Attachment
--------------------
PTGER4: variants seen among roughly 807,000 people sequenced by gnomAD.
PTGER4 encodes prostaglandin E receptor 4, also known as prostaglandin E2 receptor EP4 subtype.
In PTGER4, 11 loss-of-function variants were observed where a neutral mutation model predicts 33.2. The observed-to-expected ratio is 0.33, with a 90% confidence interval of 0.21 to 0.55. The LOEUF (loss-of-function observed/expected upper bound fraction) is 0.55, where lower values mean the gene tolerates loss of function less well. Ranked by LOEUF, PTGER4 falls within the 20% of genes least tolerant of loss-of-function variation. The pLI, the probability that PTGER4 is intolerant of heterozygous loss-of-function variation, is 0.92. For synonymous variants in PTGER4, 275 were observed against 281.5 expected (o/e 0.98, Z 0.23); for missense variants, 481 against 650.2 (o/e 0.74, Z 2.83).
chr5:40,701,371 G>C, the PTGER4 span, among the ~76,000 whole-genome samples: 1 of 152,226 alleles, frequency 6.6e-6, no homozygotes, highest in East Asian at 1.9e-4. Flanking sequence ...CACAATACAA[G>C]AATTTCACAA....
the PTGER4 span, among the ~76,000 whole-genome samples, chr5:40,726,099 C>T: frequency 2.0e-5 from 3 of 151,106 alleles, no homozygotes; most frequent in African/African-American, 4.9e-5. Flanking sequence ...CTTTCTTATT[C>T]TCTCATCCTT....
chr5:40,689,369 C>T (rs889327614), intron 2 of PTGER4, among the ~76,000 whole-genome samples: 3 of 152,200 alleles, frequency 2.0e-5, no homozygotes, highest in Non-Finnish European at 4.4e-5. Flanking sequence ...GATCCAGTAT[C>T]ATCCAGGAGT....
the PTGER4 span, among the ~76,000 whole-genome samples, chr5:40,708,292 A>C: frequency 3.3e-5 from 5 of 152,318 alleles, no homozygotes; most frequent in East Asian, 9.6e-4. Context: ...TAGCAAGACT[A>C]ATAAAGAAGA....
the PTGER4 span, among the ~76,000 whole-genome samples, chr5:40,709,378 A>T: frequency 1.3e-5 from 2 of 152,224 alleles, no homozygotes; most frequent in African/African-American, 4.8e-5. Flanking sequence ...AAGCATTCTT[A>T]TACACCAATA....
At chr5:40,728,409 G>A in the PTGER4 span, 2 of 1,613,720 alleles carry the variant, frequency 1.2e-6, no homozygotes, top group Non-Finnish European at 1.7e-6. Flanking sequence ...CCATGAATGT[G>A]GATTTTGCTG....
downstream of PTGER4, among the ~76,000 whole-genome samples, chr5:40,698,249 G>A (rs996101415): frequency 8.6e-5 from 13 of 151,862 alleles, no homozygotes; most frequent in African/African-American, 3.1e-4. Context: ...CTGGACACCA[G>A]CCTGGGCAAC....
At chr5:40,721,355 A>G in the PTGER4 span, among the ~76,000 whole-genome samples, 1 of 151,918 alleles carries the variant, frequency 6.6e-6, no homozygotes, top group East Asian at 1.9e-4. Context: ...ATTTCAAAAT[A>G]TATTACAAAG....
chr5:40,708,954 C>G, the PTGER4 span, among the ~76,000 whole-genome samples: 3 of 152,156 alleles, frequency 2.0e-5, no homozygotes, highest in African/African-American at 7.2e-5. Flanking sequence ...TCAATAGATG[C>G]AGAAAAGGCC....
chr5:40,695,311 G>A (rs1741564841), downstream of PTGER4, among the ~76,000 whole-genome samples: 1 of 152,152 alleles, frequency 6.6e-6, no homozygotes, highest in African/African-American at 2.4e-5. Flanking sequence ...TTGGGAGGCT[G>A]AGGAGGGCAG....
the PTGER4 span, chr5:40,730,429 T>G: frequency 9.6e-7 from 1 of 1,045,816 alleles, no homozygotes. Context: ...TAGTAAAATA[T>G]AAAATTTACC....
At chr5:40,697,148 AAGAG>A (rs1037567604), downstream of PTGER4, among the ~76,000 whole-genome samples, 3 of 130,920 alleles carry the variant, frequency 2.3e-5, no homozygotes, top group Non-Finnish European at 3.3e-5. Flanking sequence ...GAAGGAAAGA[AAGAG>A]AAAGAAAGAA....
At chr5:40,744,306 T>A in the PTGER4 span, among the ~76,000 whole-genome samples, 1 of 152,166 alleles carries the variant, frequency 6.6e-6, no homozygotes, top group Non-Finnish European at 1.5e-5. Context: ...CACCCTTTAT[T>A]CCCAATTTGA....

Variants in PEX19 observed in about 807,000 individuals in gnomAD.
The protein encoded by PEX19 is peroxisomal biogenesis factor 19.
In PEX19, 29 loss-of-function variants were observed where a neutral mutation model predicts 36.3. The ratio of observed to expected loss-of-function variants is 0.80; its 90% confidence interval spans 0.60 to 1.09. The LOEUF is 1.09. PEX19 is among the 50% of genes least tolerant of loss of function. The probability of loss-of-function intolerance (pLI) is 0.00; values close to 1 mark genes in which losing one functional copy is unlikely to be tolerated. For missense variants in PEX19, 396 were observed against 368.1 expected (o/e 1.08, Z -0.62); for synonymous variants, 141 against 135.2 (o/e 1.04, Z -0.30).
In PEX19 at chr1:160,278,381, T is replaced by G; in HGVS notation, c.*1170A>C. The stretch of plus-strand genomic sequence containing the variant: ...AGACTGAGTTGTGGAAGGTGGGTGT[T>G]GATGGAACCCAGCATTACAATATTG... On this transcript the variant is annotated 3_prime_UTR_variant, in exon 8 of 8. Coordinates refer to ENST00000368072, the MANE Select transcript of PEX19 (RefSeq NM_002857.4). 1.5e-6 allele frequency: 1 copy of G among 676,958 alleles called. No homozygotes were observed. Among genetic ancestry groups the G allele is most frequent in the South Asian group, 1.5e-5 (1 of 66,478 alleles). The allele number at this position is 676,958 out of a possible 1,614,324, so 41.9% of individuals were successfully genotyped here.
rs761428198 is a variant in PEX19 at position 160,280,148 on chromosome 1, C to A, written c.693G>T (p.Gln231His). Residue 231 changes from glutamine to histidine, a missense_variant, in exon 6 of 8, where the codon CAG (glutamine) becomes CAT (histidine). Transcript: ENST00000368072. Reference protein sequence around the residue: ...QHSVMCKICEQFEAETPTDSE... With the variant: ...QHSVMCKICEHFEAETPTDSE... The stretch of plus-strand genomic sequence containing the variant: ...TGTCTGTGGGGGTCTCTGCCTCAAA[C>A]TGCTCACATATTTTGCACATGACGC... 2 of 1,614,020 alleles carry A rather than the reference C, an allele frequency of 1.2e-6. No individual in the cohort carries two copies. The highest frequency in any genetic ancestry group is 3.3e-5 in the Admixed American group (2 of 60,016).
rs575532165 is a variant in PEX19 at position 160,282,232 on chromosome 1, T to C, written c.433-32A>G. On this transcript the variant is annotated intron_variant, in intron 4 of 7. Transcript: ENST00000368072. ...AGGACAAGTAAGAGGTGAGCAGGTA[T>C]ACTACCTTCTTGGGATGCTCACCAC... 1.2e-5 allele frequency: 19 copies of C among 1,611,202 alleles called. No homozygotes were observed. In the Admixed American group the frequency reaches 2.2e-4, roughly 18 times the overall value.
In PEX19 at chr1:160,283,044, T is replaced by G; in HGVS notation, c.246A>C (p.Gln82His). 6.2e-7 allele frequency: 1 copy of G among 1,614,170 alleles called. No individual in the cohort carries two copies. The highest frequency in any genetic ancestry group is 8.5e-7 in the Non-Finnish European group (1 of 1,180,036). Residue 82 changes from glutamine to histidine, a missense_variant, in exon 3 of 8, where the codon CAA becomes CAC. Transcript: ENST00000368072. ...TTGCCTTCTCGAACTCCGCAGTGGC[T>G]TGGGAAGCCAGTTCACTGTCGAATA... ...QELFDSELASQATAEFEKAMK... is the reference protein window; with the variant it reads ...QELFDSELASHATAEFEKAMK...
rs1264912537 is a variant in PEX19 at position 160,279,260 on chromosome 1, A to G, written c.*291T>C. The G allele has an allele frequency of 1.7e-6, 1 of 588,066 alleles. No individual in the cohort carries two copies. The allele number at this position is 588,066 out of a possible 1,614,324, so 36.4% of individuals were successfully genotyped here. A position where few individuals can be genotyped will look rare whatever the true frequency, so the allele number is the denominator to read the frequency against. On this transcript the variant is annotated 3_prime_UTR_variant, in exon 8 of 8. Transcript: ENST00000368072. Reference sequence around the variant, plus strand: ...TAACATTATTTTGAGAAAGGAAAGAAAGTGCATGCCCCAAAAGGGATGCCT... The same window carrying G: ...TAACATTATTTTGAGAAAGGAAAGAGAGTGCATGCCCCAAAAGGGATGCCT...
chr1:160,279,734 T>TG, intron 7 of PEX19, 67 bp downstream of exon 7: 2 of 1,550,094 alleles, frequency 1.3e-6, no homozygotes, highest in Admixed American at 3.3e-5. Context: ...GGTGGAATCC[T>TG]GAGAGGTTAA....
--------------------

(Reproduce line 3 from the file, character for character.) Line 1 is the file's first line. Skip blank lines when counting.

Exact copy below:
In PTGER4, 11 loss-of-function variants were observed where a neutral mutation model predicts 33.2. The observed-to-expected ratio is 0.33, with a 90% confidence interval of 0.21 to 0.55. The LOEUF (loss-of-function observed/expected upper bound fraction) is 0.55, where lower values mean the gene tolerates loss of function less well. Ranked by LOEUF, PTGER4 falls within the 20% of genes least tolerant of loss-of-function variation. The pLI, the probability that PTGER4 is intolerant of heterozygous loss-of-function variation, is 0.92. For synonymous variants in PTGER4, 275 were observed against 281.5 expected (o/e 0.98, Z 0.23); for missense variants, 481 against 650.2 (o/e 0.74, Z 2.83).